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Michiyo Kagami is an English-speaking daikagura performer who also gives lectures on the traditional performing art.
“So much of daikagura is rooted in traditional Japanese culture. The art goes back 1,300 years. I’m always pondering how best to explain concepts like medetai and goen to non-Japanese audiences.”
She talks about the time she explained to a French audience that daikagura is about “praying for your (the audience’s) happiness through the performances.”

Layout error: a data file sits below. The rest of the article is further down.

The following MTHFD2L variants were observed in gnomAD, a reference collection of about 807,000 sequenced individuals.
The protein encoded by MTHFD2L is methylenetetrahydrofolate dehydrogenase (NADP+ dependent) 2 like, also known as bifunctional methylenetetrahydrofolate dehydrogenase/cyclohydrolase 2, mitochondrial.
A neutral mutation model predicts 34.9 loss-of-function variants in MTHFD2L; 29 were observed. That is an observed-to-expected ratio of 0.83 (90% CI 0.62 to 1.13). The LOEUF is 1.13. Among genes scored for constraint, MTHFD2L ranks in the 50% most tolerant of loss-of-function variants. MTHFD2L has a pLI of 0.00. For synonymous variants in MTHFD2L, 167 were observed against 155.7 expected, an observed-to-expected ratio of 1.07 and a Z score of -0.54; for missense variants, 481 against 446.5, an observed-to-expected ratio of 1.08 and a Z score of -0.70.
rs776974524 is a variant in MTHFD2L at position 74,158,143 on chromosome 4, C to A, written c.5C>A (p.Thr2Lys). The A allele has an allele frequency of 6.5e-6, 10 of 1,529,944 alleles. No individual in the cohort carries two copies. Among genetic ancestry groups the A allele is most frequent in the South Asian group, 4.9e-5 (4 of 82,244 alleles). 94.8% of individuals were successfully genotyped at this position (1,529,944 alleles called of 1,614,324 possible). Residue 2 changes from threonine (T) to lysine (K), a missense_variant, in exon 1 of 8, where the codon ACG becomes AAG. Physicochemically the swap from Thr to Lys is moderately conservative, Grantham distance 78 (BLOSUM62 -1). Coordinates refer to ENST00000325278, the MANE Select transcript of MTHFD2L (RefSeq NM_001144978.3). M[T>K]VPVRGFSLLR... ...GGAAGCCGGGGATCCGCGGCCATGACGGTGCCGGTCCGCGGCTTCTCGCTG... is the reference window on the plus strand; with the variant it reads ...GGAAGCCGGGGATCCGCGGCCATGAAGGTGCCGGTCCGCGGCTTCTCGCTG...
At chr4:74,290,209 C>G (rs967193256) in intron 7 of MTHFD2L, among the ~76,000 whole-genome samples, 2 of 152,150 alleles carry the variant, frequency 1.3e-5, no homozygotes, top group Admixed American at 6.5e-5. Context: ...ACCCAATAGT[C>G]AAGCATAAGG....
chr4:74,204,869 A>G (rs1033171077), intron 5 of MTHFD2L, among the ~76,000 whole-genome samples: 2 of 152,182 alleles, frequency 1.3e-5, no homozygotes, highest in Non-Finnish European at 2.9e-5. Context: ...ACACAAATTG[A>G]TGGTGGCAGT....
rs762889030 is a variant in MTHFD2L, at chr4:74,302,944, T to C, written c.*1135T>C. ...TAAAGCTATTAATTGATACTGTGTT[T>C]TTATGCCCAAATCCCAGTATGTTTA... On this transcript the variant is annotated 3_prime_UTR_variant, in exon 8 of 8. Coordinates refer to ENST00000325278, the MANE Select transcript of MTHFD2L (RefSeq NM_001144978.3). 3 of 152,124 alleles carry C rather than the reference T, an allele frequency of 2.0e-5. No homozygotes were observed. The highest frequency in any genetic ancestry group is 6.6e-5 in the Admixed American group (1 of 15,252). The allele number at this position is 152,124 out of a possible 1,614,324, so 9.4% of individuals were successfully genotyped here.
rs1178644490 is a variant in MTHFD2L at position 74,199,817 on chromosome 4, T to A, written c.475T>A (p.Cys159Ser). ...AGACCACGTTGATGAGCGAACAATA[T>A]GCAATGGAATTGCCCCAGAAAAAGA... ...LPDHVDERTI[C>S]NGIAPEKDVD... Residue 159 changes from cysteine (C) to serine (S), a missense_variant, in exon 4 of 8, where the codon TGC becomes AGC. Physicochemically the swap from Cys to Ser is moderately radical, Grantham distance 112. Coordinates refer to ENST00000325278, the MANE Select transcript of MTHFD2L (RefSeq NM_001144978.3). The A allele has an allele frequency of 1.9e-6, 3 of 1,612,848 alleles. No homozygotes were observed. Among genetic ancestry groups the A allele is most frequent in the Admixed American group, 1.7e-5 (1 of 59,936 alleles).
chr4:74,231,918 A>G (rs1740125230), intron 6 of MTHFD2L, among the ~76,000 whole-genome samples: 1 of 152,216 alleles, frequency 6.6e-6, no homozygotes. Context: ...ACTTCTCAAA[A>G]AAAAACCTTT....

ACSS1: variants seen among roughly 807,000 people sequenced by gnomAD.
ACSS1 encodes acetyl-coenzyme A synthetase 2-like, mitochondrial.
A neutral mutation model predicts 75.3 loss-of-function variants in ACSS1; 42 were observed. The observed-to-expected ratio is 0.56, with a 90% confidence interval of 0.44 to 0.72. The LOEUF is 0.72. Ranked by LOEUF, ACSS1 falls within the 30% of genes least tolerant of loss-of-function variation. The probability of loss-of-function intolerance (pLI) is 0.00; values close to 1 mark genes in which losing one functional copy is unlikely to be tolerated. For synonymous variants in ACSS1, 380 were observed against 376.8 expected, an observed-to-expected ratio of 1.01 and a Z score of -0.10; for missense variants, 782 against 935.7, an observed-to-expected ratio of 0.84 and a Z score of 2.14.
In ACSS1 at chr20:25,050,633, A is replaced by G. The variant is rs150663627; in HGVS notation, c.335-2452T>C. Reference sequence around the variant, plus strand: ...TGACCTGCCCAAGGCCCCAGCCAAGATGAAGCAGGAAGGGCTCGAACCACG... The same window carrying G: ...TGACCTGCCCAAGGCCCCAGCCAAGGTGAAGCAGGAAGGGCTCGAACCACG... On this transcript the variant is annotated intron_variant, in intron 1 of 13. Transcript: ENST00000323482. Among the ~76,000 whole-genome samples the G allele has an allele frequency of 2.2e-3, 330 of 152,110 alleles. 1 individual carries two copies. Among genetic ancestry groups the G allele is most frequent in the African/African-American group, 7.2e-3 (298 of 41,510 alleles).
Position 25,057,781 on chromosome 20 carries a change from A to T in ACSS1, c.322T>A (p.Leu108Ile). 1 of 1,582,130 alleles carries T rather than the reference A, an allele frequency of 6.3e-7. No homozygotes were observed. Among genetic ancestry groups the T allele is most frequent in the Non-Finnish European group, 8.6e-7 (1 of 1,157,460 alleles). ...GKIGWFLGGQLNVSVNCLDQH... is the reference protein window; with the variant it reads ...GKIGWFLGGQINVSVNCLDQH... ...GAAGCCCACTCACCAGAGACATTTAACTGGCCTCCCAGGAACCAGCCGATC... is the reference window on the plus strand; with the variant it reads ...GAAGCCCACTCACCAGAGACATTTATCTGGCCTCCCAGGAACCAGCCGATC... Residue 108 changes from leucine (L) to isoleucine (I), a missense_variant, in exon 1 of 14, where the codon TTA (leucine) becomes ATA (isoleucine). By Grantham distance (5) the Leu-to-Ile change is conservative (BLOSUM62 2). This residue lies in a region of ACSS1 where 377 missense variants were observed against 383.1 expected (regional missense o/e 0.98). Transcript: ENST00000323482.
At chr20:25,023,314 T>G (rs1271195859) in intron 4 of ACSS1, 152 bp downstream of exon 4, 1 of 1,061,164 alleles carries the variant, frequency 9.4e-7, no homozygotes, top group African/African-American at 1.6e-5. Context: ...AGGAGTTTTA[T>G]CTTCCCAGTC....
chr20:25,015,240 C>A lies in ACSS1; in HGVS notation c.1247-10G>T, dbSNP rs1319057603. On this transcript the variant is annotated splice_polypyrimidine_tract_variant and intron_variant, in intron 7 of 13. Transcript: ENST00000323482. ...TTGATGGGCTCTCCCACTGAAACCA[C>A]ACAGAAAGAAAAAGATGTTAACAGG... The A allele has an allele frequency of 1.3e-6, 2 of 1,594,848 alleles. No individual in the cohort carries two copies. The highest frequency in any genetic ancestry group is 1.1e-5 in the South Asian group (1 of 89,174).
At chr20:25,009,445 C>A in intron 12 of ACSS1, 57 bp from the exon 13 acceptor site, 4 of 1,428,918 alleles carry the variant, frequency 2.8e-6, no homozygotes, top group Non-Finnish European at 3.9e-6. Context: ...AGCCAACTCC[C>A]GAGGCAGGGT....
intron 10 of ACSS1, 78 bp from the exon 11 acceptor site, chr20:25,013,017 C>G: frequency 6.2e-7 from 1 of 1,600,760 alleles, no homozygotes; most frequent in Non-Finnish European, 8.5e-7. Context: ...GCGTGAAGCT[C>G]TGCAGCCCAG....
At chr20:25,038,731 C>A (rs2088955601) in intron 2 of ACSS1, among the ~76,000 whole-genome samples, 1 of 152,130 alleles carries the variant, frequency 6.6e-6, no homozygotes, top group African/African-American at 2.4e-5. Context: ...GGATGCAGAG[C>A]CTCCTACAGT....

“One of them later told me they didn’t get it because for them, praying is a religious act and usually done in a church.”
Kagami encountered English at a young age, when she befriended a girl in her neighborhood whose mother was American.
“This girl was home-schooled, with textbooks being sent from the U.S. She taught me some conversational English and gave Halloween parties, which in those days was a novelty. I was so enthralled.”
Kagami’s strong interest in the world outside Japan continued.
“In my teens, I wanted to work overseas and marry a foreigner,” she says, laughing. (Kaori Shoji)
To be continued…
This article was provided by The Japan Times Alpha.